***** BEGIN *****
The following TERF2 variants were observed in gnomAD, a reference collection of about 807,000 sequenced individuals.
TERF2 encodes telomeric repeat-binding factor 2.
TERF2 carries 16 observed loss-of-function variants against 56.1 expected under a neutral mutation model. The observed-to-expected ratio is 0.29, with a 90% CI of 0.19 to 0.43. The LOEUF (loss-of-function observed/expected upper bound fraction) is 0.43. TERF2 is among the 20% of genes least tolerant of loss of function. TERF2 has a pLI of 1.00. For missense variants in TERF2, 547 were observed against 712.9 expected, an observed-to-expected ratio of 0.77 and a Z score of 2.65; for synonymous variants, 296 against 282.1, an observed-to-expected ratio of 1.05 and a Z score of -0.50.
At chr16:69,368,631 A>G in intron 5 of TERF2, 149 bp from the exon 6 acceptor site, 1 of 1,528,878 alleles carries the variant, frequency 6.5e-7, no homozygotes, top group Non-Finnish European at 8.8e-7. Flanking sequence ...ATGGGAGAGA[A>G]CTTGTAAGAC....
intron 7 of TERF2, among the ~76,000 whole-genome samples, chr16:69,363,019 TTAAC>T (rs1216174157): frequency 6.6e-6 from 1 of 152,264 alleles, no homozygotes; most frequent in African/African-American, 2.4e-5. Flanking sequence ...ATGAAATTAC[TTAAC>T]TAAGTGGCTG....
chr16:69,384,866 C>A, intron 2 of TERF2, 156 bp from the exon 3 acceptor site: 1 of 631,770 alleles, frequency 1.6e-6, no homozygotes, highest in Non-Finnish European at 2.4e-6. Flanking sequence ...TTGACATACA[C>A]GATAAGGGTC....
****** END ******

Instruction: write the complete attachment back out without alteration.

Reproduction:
The following TERF2 variants were observed in gnomAD, a reference collection of about 807,000 sequenced individuals.
TERF2 encodes telomeric repeat-binding factor 2.
TERF2 carries 16 observed loss-of-function variants against 56.1 expected under a neutral mutation model. The observed-to-expected ratio is 0.29, with a 90% CI of 0.19 to 0.43. The LOEUF (loss-of-function observed/expected upper bound fraction) is 0.43. TERF2 is among the 20% of genes least tolerant of loss of function. TERF2 has a pLI of 1.00. For missense variants in TERF2, 547 were observed against 712.9 expected, an observed-to-expected ratio of 0.77 and a Z score of 2.65; for synonymous variants, 296 against 282.1, an observed-to-expected ratio of 1.05 and a Z score of -0.50.
At chr16:69,368,631 A>G in intron 5 of TERF2, 149 bp from the exon 6 acceptor site, 1 of 1,528,878 alleles carries the variant, frequency 6.5e-7, no homozygotes, top group Non-Finnish European at 8.8e-7. Flanking sequence ...ATGGGAGAGA[A>G]CTTGTAAGAC....
intron 7 of TERF2, among the ~76,000 whole-genome samples, chr16:69,363,019 TTAAC>T (rs1216174157): frequency 6.6e-6 from 1 of 152,264 alleles, no homozygotes; most frequent in African/African-American, 2.4e-5. Flanking sequence ...ATGAAATTAC[TTAAC>T]TAAGTGGCTG....
chr16:69,384,866 C>A, intron 2 of TERF2, 156 bp from the exon 3 acceptor site: 1 of 631,770 alleles, frequency 1.6e-6, no homozygotes, highest in Non-Finnish European at 2.4e-6. Flanking sequence ...TTGACATACA[C>A]GATAAGGGTC....